Aqueous self-assembly of short hydrophobic peptides containing norbornene amino acid into supramolecular structures with spherical shape
formation of supramolecular assembly is reported. The two diastereoisomeric pentapeptides AcAla-
NRB-Ala-Aib-AlaNH2 1 and 2 containing the two enantiomers of non-proteinogenic norbornene amino
acid (NRB) were synthesized in an efficient way and in good yields. They were insoluble in organic
solvent, except MeOH and DMSO, but completely soluble in water despite that they are made of
hydrophobic amino acids. The formation of a supramolecular assembly in water was assessed by
Transmission Electron Microscopy (TEM) and Dynamic Light Scattering (DLS) using 1 and 2 individually or
in a mixture. Conformational analysis on the two diastereoisomers, performed in CD3CN, CD3OH and in
H2O/D2O, indicated the formation of a stable 310-helix structure for both peptides: the helix structure is
more stable in CD3CN and CD3OH than in H2O/D2O where a helix/random coil transition was observed.
Apparently, the norbornene moiety plays a role in the stabilization, in fact 1R2R3R-norbornene AA
present in peptide 2 induces a more stable secondary structure with respect to the 1S2S3S-isomer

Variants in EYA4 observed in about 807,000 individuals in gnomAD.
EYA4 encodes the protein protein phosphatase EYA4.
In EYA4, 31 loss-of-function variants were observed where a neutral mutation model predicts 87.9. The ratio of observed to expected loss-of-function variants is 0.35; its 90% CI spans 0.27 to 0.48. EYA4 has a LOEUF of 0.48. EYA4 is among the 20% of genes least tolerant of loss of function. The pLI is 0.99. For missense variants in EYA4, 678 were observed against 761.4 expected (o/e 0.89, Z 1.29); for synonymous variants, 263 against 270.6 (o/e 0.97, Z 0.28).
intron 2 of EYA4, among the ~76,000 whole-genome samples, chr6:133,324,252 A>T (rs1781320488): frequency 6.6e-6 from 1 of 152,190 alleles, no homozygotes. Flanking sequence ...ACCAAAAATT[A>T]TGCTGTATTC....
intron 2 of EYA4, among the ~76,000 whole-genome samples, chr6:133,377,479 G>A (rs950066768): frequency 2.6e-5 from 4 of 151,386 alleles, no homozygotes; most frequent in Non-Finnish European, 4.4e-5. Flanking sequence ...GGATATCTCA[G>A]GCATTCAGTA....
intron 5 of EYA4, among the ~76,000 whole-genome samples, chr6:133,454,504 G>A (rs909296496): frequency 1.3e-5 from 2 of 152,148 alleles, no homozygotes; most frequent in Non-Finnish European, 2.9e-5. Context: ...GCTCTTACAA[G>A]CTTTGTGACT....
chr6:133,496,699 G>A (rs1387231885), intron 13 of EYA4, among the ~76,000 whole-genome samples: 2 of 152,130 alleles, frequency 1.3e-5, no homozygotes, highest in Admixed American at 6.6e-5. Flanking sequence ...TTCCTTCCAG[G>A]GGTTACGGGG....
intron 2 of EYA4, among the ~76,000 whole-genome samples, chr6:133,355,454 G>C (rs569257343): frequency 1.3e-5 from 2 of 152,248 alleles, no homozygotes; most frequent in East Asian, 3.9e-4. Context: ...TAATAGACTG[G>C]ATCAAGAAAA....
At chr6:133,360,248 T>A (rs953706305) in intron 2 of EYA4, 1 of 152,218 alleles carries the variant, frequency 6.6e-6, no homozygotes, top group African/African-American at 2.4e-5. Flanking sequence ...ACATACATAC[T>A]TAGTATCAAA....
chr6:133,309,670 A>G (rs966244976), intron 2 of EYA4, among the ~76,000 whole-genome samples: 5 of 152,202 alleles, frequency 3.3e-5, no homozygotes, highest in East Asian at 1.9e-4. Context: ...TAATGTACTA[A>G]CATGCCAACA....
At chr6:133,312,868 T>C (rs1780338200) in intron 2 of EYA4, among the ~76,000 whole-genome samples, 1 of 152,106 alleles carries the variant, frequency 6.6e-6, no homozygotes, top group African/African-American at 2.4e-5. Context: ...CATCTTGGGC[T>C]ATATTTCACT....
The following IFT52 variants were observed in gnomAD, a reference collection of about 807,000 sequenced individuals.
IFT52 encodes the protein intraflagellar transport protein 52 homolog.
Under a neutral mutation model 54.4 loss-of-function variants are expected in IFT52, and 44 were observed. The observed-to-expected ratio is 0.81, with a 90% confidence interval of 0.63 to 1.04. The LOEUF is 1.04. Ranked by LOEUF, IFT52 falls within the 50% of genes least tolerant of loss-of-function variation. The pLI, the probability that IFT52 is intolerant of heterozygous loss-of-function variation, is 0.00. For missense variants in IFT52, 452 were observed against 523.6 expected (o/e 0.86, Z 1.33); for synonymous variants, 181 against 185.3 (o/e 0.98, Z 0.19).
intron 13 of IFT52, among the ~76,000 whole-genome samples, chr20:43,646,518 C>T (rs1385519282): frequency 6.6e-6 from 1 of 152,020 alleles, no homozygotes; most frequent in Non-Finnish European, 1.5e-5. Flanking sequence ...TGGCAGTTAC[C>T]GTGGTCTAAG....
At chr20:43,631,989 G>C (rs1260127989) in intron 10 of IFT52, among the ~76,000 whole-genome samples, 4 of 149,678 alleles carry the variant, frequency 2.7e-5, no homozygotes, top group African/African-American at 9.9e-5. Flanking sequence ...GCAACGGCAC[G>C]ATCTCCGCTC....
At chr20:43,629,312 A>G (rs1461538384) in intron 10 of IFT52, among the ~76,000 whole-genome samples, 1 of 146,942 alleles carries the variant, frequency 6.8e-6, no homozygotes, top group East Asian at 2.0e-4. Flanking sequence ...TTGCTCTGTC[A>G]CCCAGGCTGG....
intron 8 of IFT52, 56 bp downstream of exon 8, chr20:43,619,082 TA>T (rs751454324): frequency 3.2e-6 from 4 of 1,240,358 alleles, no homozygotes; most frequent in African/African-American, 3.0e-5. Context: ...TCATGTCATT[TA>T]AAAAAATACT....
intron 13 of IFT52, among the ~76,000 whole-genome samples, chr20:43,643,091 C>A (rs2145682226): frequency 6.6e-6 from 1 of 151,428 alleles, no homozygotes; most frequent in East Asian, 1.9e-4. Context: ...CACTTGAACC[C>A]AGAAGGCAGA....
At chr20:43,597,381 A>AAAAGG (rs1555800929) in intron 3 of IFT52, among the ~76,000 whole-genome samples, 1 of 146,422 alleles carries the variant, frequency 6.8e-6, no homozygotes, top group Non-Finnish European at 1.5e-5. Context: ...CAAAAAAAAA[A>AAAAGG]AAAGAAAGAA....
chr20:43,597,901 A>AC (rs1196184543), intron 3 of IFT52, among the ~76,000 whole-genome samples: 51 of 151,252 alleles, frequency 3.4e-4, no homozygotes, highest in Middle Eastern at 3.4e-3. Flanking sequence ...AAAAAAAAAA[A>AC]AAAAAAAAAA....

present in peptide 1.
Self-assembly is a spontaneous process by which unordered
systems of monomers organize into ordered structures as the
result of non-covalent interactions including van der Waals,
electrostatic, hydrogen bonding, and stacking interactions.
Self-assembly lies behind a number of biological nanostructures
such as DNA double helix, protein’s tertiary or
quaternary structure, cell membranes upon self-assembly of
phospholipids. In this scenario, better insight into the formation
of vesicle-like supramolecular structures from small
molecules, especially simple peptides, is of particular interest
for the understanding of prebiotic organization and life.
Moreover, the concept of self-assembly has also been used in
many disciplines for constructing useful materials. In particular,
a number of papers report on spontaneous assembly of
peptides into ordered nanostructures with a variety of
morphologies and the number is still increasing. Most of them
describe supramolecular assembly from high molecular weight
peptides as well as by small- or medium size peptides conjugated
with molecules of nonpeptidic nature. Short peptides
alone self-organize predominantly into nanotubes and nano-
fibers. Spherical (micellar and vesicle-like) architectures are
less described although their appear very attractive, due to their
promising applications in biomedicine and nanotechnology.